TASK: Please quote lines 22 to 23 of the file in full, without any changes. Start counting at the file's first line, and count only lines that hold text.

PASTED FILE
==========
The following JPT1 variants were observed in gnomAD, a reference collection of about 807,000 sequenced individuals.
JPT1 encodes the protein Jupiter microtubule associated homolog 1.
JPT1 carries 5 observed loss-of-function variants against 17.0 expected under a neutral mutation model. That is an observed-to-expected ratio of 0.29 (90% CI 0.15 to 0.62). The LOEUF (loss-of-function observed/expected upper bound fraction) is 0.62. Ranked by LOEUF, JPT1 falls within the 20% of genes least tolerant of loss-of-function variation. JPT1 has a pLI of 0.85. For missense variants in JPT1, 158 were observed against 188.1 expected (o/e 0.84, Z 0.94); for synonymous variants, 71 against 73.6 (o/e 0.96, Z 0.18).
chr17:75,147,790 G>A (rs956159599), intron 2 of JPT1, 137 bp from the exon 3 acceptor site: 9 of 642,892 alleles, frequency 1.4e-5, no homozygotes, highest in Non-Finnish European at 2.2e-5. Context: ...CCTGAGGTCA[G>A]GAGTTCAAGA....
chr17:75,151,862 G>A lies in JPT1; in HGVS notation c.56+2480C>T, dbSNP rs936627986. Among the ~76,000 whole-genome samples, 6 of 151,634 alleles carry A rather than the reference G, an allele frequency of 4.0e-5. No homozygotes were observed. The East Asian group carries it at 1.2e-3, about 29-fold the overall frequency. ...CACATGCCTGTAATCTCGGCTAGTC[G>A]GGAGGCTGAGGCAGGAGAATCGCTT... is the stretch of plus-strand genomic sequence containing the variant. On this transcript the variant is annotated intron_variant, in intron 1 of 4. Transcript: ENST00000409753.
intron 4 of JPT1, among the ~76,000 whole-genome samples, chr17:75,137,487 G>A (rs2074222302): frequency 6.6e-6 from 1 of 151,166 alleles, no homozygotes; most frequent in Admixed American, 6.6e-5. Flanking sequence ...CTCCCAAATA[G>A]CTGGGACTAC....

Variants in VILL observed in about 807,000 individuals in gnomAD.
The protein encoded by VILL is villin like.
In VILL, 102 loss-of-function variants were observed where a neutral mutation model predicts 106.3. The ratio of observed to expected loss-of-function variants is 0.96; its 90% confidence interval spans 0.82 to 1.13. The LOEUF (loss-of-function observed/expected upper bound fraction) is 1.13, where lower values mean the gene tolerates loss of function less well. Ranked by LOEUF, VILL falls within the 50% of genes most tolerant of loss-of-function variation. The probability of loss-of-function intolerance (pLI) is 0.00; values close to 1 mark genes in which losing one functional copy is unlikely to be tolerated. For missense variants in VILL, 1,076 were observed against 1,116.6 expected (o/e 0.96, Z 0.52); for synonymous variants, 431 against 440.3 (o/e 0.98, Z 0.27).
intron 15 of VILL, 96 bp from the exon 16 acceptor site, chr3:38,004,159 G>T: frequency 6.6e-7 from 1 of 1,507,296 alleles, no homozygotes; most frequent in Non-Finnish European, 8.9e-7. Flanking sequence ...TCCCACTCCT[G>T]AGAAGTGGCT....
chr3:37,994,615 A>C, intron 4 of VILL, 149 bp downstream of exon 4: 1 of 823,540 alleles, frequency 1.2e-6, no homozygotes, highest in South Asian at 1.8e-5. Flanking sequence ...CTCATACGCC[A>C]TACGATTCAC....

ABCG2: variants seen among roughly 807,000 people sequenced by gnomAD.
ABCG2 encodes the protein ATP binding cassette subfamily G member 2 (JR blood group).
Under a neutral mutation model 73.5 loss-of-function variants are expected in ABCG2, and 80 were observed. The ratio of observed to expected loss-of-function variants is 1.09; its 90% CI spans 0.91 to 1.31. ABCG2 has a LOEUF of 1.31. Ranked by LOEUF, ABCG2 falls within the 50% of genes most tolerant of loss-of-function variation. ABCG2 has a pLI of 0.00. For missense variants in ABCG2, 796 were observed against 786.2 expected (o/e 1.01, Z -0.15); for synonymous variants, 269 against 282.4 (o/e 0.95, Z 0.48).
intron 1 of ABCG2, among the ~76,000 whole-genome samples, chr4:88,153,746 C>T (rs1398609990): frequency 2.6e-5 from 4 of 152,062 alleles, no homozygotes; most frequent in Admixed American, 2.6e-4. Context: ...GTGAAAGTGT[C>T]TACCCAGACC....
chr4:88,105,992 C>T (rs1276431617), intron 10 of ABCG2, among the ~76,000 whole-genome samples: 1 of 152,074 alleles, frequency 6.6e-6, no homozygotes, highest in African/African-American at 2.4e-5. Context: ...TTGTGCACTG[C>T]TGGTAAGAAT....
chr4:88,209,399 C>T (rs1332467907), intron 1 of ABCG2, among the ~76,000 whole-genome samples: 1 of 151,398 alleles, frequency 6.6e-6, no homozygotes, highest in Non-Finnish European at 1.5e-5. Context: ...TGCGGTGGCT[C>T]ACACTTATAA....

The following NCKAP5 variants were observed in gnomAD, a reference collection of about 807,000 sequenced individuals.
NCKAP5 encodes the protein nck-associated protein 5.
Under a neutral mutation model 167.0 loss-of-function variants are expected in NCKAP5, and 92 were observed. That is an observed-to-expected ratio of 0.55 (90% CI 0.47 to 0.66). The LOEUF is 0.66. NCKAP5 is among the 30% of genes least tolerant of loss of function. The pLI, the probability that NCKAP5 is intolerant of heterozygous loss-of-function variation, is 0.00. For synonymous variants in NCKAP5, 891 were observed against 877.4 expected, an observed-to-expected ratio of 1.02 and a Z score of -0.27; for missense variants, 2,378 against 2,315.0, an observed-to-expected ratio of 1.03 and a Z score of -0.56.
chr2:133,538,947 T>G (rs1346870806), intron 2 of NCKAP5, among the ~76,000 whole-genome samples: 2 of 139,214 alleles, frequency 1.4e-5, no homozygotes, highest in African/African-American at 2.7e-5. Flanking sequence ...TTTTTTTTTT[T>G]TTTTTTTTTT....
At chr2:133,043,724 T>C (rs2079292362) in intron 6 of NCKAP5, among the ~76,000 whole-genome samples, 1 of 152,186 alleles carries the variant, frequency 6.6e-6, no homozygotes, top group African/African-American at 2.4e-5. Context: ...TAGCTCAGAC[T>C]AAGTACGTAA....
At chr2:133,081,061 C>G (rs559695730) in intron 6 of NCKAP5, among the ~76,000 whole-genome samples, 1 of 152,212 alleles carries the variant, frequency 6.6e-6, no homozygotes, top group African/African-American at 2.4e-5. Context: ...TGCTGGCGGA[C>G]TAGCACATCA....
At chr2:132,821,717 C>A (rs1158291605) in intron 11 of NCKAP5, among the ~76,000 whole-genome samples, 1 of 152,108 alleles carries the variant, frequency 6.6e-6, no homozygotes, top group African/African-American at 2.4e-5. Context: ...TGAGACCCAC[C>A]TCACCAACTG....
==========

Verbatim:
At chr2:133,043,724 T>C (rs2079292362) in intron 6 of NCKAP5, among the ~76,000 whole-genome samples, 1 of 152,186 alleles carries the variant, frequency 6.6e-6, no homozygotes, top group African/African-American at 2.4e-5. Context: ...TAGCTCAGAC[T>C]AAGTACGTAA....
At chr2:133,081,061 C>G (rs559695730) in intron 6 of NCKAP5, among the ~76,000 whole-genome samples, 1 of 152,212 alleles carries the variant, frequency 6.6e-6, no homozygotes, top group African/African-American at 2.4e-5. Context: ...TGCTGGCGGA[C>G]TAGCACATCA....